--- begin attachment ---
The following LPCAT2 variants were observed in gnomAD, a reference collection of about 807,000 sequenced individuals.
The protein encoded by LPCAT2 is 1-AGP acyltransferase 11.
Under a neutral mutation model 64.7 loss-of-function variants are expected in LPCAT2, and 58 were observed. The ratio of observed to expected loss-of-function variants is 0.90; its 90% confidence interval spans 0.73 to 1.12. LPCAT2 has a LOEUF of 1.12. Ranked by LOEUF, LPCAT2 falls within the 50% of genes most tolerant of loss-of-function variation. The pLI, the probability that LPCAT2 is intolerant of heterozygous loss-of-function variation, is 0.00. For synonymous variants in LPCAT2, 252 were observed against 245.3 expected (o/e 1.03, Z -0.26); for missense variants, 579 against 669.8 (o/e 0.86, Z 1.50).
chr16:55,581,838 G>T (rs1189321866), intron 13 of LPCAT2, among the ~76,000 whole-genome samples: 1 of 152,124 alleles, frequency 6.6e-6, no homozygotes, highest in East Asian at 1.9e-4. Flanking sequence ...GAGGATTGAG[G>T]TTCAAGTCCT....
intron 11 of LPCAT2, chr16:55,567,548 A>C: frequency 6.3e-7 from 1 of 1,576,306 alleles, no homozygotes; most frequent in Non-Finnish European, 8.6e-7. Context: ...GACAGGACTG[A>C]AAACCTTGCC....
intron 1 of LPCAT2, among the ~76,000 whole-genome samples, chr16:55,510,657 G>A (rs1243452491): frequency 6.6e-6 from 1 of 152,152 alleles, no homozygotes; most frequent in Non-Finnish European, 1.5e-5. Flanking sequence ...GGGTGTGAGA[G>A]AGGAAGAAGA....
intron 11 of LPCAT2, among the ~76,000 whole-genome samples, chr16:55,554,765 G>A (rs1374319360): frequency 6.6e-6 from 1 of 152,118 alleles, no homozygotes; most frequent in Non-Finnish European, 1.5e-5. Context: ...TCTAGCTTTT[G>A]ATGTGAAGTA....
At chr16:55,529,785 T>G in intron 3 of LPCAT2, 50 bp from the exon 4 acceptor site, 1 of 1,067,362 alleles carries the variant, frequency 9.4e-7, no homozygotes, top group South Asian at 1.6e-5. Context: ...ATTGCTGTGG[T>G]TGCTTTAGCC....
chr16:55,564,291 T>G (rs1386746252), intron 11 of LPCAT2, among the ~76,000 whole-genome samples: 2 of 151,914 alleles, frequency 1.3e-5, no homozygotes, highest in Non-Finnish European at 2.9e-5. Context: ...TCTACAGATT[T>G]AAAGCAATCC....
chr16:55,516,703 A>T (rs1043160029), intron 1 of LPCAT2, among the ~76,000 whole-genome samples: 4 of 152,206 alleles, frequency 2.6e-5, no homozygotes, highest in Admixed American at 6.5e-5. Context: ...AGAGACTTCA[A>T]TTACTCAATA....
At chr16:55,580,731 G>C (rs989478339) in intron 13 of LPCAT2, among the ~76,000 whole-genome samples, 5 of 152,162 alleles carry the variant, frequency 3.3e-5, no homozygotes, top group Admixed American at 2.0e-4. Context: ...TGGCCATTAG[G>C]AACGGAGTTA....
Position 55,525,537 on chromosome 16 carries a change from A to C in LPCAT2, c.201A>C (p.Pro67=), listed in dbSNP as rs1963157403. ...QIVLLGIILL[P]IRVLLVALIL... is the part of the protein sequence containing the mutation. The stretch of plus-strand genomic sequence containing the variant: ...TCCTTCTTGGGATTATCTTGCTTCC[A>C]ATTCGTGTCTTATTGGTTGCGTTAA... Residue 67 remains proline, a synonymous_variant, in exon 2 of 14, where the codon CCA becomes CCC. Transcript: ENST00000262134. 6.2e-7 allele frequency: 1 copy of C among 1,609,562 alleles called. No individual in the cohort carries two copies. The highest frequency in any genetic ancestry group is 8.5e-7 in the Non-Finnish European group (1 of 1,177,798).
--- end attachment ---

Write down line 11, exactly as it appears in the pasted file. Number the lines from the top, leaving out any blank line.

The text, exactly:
At chr16:55,580,731 G>C (rs989478339) in intron 13 of LPCAT2, among the ~76,000 whole-genome samples, 5 of 152,162 alleles carry the variant, frequency 3.3e-5, no homozygotes, top group Admixed American at 2.0e-4. Context: ...TGGCCATTAG[G>C]AACGGAGTTA....